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Complainant Name:
Mr Robert Cogswell

Clauses Noted: 1

Publication: Evening Standard


Mr Robert Cogswell of Surrey complained to the Press Complaints Commission that an article published in the Evening Standard on 28 July 2004 headlined Animal rights terror leader was inaccurate in breach of Clause 1 (Accuracy) of the Code of Practice.

Following the offer of remedial action by the newspaper, there were no issues to pursue under the Code.

The article was based on an interview with the complainant, who is involved in animal rights campaigning. Among other things, it alleged that he was a terror leader and the mastermind behind a recent animal rights event, which the newspaper characterised as a terror camp. It also claimed that the complainant had connections to terrorist organisations and alleged that he had split from the hard line SHAC group in order to form an organisation against the establishment of a primate research facility in Cambridge, known as SPEAK.

The complainant said that the article was incorrect in regard to these central allegations, and in other respects. He said that he was not the leader of a terror movement, and could not reasonably be described as a terrorist. He added that SPEAK was neither involved in, nor condoned, illegal activity. He could point to numerous occasions in the public domain where he had personally distanced himself from unlawful activity. He said that his website represented a place for open discussion on the subject of animal rights, although he did not endorse all of the sites to which it was linked. Regarding the camp itself, the complainant said that he played no role in its organisation, and maintained that his involvement was confined to links between the camps site and the SPEAK website. He added that he had never been involved in the organisation of SHAC, and could not therefore have split from it to form the new group SPEAK.

In its defence, the newspaper suggested that SPEAK had been involved in the publication of contact details for animal testing figures, which was an act of terrorism considering what the likely outcome of such action would be. It said that the complainant had been involved in fundraising for the Animal Liberation Front, and that the website for which he was responsible had connections to extremist organisations. Ultimately, of course, no activist was likely to admit publicly to being a terrorist, but the material with which the complainant was associated could be seen to promulgate a tacit terrorist message. The complainant himself had been accurately quoted in the article as refusing to condemn violence.

Against that background, the newspaper did not consider that the other points under contention including the reference to the camp, which was attended by speakers with clear terrorist credentials constituted significant inaccuracies. The complainant had been happy to speak authoritatively about the organisation of the camp, and its site had been linked directly into the SPEAK website. The complainant had been a well-known supporter of SHAC before SPEAK was established. However, in a bid to resolve the complaint, the newspaper offered to publish a short statement on its letters page so that the complainant could make his position clear

The complainant did not consider the offer to be sufficient.

Sufficient remedial action offered


The article contained a number of details that the complainant considered to be inaccurate, two of which in the Commissions view were matters of significance. These were the allegations that the complainant was a terror leader, and that he was the mastermind behind a recent camp for animal rights activists.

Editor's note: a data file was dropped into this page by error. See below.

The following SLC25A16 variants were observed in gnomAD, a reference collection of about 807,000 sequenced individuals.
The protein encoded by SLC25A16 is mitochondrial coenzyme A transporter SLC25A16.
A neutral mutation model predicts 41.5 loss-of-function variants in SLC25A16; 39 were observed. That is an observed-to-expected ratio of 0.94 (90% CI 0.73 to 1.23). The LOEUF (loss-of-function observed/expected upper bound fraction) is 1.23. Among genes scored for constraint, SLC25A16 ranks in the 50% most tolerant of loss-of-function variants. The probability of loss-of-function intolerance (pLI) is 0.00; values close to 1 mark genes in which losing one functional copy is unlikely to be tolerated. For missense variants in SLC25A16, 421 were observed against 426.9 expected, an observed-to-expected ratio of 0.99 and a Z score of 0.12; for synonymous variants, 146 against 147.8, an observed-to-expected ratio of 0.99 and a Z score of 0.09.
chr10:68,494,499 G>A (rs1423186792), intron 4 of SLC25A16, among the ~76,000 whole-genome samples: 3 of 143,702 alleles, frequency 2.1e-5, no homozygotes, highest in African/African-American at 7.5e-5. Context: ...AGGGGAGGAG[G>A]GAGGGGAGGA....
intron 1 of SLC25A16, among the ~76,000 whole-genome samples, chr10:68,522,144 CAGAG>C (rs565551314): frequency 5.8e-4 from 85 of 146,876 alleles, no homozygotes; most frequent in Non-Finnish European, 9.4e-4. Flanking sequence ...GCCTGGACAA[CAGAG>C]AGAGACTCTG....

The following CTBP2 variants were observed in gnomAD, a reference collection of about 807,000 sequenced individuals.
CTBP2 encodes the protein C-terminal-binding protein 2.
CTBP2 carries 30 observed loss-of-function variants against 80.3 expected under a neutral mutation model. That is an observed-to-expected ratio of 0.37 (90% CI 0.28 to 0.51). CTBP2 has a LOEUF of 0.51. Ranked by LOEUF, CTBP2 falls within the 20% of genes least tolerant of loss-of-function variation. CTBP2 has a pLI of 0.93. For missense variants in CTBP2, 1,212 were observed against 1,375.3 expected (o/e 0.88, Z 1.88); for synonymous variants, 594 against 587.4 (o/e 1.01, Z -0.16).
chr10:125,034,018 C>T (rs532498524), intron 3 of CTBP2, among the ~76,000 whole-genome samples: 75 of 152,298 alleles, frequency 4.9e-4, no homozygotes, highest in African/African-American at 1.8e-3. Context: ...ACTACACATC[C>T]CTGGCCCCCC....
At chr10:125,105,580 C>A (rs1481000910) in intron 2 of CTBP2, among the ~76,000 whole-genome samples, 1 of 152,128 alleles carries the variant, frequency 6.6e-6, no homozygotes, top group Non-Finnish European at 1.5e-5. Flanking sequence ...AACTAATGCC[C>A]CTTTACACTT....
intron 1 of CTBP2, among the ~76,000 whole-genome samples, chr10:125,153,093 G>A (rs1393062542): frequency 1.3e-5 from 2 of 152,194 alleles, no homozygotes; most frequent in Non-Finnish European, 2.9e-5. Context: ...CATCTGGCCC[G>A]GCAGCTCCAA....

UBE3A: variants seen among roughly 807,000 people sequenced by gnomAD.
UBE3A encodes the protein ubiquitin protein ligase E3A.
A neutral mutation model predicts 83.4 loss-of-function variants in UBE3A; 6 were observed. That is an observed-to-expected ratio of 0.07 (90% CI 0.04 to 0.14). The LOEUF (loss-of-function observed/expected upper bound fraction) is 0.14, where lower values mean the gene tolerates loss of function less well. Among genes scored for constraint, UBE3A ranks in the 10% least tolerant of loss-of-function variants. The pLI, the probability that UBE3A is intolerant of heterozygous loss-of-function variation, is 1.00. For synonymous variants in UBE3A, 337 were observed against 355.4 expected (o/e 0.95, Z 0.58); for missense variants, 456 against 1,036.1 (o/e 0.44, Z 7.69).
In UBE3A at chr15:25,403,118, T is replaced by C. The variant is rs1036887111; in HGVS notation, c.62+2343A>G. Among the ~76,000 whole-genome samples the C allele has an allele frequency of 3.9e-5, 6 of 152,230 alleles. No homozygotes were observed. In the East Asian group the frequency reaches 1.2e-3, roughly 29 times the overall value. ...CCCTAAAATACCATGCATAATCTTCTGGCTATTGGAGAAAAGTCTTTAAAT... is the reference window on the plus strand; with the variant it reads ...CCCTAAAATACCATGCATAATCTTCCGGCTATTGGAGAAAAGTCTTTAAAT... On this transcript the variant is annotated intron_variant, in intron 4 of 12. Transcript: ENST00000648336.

It was clear to the Commission that the complainant was closely associated with the animal rights movement. Indeed, he had been connected to extreme aspects of it not least through his website and had founded a campaigning group responsible for direct action against animal testing. It was in this context that the allegation that he was a terror leader rather than a terrorist had to be considered. The complainant had also associated himself with the camp, and described its organisation at some length, in his conversation with the reporter.

In the Commissions view, the central dispute concerned the manner in which the newspaper had presented its claims about the complainant. The newspaper had certainly offered a robust criticism of the complainants activity, as it was entitled to do. The question for the Commission to consider was whether, in doing so, the newspaper had created a misleading impression of his behaviour. The newspaper had shown that the complainant was a prominent figure in the animal rights field, that he had spoken knowledgably about the camp, and that there were links between its organisation and the SPEAK website. However, the extent to which he had helped to organise the camp, or could be described as a terror leader, were clearly matters of dispute. In these circumstances, the Commission thought it appropriate for the newspaper to offer to publish the complainants position in a further piece. It considered that the offer to publish a statement on its letters page was therefore a necessary and appropriate step to remedy the complaint.

The complainant also complained about a number of other alleged inaccuracies which while they were not, in the Commissions view, matters of particular significance could also have been dealt with in the published statement. The offer was a sufficient remedy to the complaint, and there were therefore no outstanding issues under the Code for the Commission to pursue.


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